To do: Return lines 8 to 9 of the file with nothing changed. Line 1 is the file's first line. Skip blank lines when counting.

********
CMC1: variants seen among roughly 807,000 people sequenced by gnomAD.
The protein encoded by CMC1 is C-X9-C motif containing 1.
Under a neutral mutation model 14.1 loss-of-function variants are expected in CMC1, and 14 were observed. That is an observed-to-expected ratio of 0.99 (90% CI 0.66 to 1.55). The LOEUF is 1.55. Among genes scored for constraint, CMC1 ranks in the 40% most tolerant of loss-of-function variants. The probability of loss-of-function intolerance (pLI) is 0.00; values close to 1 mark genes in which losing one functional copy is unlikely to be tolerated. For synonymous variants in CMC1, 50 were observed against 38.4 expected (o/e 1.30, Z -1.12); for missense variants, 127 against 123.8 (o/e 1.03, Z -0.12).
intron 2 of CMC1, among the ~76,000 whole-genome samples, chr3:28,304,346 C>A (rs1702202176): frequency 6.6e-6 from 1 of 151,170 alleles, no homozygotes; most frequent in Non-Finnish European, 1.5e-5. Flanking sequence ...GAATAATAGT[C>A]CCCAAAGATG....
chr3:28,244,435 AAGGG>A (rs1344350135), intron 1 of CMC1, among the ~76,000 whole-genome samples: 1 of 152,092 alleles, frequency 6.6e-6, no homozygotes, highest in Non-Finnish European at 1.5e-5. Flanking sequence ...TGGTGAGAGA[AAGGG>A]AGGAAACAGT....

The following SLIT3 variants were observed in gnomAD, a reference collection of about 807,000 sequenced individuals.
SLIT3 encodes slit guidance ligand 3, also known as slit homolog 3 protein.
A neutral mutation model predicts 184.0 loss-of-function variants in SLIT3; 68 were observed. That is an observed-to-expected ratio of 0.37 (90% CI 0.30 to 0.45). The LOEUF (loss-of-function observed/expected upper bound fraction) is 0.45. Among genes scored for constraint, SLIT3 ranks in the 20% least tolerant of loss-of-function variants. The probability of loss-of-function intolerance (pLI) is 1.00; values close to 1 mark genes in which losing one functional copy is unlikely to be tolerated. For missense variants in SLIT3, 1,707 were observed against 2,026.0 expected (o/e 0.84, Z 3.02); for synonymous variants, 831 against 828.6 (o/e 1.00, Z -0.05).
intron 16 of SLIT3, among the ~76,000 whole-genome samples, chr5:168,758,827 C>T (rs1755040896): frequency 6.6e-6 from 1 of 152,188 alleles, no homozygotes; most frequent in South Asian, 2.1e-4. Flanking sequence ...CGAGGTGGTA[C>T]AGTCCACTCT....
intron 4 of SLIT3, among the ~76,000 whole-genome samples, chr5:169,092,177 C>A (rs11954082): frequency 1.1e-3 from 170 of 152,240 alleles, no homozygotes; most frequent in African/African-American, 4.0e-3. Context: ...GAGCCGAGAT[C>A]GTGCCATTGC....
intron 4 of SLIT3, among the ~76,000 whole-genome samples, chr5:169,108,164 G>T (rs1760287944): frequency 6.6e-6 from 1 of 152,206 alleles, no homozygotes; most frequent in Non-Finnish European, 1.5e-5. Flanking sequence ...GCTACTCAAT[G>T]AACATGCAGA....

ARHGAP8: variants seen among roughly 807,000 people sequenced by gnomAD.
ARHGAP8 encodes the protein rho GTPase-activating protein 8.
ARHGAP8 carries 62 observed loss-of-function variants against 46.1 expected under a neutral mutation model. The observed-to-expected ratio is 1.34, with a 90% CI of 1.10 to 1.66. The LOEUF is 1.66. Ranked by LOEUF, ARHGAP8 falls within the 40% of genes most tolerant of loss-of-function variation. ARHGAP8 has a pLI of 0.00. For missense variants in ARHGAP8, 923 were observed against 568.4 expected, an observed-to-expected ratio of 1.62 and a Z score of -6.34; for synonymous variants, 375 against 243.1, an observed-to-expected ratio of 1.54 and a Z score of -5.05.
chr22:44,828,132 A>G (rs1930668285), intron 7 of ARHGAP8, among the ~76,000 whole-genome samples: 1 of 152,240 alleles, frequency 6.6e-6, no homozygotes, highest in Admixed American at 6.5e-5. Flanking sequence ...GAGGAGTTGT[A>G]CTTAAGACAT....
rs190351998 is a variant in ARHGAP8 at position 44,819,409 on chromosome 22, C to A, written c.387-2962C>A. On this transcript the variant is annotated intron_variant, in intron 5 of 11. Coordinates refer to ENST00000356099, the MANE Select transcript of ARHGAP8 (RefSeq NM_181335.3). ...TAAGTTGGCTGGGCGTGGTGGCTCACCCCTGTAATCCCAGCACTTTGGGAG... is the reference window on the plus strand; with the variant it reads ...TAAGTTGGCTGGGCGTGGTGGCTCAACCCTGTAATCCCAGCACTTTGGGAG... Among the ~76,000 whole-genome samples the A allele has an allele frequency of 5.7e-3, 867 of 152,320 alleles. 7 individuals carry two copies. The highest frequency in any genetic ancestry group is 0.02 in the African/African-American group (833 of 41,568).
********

A neutral mutation model predicts 184.0 loss-of-function variants in SLIT3; 68 were observed. That is an observed-to-expected ratio of 0.37 (90% CI 0.30 to 0.45). The LOEUF (loss-of-function observed/expected upper bound fraction) is 0.45. Among genes scored for constraint, SLIT3 ranks in the 20% least tolerant of loss-of-function variants. The probability of loss-of-function intolerance (pLI) is 1.00; values close to 1 mark genes in which losing one functional copy is unlikely to be tolerated. For missense variants in SLIT3, 1,707 were observed against 2,026.0 expected (o/e 0.84, Z 3.02); for synonymous variants, 831 against 828.6 (o/e 1.00, Z -0.05).
intron 16 of SLIT3, among the ~76,000 whole-genome samples, chr5:168,758,827 C>T (rs1755040896): frequency 6.6e-6 from 1 of 152,188 alleles, no homozygotes; most frequent in South Asian, 2.1e-4. Flanking sequence ...CGAGGTGGTA[C>T]AGTCCACTCT....